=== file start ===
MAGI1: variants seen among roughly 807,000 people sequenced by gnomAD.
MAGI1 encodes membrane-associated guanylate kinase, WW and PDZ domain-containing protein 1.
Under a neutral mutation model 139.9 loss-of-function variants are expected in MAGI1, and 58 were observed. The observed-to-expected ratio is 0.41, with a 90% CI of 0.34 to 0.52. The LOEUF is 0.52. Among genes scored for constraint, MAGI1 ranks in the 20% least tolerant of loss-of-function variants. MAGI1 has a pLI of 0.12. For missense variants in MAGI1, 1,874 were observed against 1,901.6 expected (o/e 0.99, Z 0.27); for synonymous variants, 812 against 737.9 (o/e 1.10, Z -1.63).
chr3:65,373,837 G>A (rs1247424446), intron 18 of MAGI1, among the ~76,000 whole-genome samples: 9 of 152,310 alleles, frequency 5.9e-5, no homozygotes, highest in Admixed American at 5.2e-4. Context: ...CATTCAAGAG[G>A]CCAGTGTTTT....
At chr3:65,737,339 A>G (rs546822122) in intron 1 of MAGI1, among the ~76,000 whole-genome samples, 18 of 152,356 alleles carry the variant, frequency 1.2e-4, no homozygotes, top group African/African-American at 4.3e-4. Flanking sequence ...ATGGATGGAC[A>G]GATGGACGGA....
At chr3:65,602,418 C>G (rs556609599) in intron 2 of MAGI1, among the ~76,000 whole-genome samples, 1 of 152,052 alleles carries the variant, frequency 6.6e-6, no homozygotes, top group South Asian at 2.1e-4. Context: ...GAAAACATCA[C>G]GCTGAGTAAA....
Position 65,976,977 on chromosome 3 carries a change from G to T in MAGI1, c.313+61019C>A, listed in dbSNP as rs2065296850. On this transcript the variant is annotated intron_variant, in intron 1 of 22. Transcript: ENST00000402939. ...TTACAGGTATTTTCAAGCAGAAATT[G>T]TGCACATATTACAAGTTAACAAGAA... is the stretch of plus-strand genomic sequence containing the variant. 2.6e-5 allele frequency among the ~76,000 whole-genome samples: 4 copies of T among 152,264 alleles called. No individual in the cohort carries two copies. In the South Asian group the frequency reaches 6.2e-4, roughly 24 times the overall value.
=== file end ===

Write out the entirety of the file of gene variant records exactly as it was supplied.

MAGI1: variants seen among roughly 807,000 people sequenced by gnomAD.
MAGI1 encodes membrane-associated guanylate kinase, WW and PDZ domain-containing protein 1.
Under a neutral mutation model 139.9 loss-of-function variants are expected in MAGI1, and 58 were observed. The observed-to-expected ratio is 0.41, with a 90% CI of 0.34 to 0.52. The LOEUF is 0.52. Among genes scored for constraint, MAGI1 ranks in the 20% least tolerant of loss-of-function variants. MAGI1 has a pLI of 0.12. For missense variants in MAGI1, 1,874 were observed against 1,901.6 expected (o/e 0.99, Z 0.27); for synonymous variants, 812 against 737.9 (o/e 1.10, Z -1.63).
chr3:65,373,837 G>A (rs1247424446), intron 18 of MAGI1, among the ~76,000 whole-genome samples: 9 of 152,310 alleles, frequency 5.9e-5, no homozygotes, highest in Admixed American at 5.2e-4. Context: ...CATTCAAGAG[G>A]CCAGTGTTTT....
At chr3:65,737,339 A>G (rs546822122) in intron 1 of MAGI1, among the ~76,000 whole-genome samples, 18 of 152,356 alleles carry the variant, frequency 1.2e-4, no homozygotes, top group African/African-American at 4.3e-4. Flanking sequence ...ATGGATGGAC[A>G]GATGGACGGA....
At chr3:65,602,418 C>G (rs556609599) in intron 2 of MAGI1, among the ~76,000 whole-genome samples, 1 of 152,052 alleles carries the variant, frequency 6.6e-6, no homozygotes, top group South Asian at 2.1e-4. Context: ...GAAAACATCA[C>G]GCTGAGTAAA....
Position 65,976,977 on chromosome 3 carries a change from G to T in MAGI1, c.313+61019C>A, listed in dbSNP as rs2065296850. On this transcript the variant is annotated intron_variant, in intron 1 of 22. Transcript: ENST00000402939. ...TTACAGGTATTTTCAAGCAGAAATT[G>T]TGCACATATTACAAGTTAACAAGAA... is the stretch of plus-strand genomic sequence containing the variant. 2.6e-5 allele frequency among the ~76,000 whole-genome samples: 4 copies of T among 152,264 alleles called. No individual in the cohort carries two copies. In the South Asian group the frequency reaches 6.2e-4, roughly 24 times the overall value.